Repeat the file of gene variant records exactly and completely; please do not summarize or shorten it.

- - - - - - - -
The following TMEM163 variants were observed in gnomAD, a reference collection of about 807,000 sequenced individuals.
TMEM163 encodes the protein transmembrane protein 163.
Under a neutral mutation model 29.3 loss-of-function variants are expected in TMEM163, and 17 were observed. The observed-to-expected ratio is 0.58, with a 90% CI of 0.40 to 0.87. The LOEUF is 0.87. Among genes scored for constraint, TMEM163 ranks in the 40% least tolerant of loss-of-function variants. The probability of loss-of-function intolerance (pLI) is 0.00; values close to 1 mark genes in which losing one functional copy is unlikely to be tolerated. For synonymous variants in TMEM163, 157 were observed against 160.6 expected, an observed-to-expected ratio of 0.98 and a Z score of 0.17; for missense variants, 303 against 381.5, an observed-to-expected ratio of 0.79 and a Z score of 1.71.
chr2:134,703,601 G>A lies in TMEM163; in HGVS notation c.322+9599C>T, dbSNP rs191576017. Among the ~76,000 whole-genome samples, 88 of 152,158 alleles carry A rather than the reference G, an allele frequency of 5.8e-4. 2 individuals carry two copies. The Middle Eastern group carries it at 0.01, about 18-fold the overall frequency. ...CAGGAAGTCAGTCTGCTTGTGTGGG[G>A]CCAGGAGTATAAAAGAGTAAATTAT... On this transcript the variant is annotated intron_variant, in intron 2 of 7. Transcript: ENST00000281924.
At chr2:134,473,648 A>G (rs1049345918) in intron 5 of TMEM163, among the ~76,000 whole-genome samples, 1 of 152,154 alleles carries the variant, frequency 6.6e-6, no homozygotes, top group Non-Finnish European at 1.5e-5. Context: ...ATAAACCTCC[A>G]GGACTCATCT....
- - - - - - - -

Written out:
The following TMEM163 variants were observed in gnomAD, a reference collection of about 807,000 sequenced individuals.
TMEM163 encodes the protein transmembrane protein 163.
Under a neutral mutation model 29.3 loss-of-function variants are expected in TMEM163, and 17 were observed. The observed-to-expected ratio is 0.58, with a 90% CI of 0.40 to 0.87. The LOEUF is 0.87. Among genes scored for constraint, TMEM163 ranks in the 40% least tolerant of loss-of-function variants. The probability of loss-of-function intolerance (pLI) is 0.00; values close to 1 mark genes in which losing one functional copy is unlikely to be tolerated. For synonymous variants in TMEM163, 157 were observed against 160.6 expected, an observed-to-expected ratio of 0.98 and a Z score of 0.17; for missense variants, 303 against 381.5, an observed-to-expected ratio of 0.79 and a Z score of 1.71.
chr2:134,703,601 G>A lies in TMEM163; in HGVS notation c.322+9599C>T, dbSNP rs191576017. Among the ~76,000 whole-genome samples, 88 of 152,158 alleles carry A rather than the reference G, an allele frequency of 5.8e-4. 2 individuals carry two copies. The Middle Eastern group carries it at 0.01, about 18-fold the overall frequency. ...CAGGAAGTCAGTCTGCTTGTGTGGG[G>A]CCAGGAGTATAAAAGAGTAAATTAT... On this transcript the variant is annotated intron_variant, in intron 2 of 7. Transcript: ENST00000281924.
At chr2:134,473,648 A>G (rs1049345918) in intron 5 of TMEM163, among the ~76,000 whole-genome samples, 1 of 152,154 alleles carries the variant, frequency 6.6e-6, no homozygotes, top group Non-Finnish European at 1.5e-5. Context: ...ATAAACCTCC[A>G]GGACTCATCT....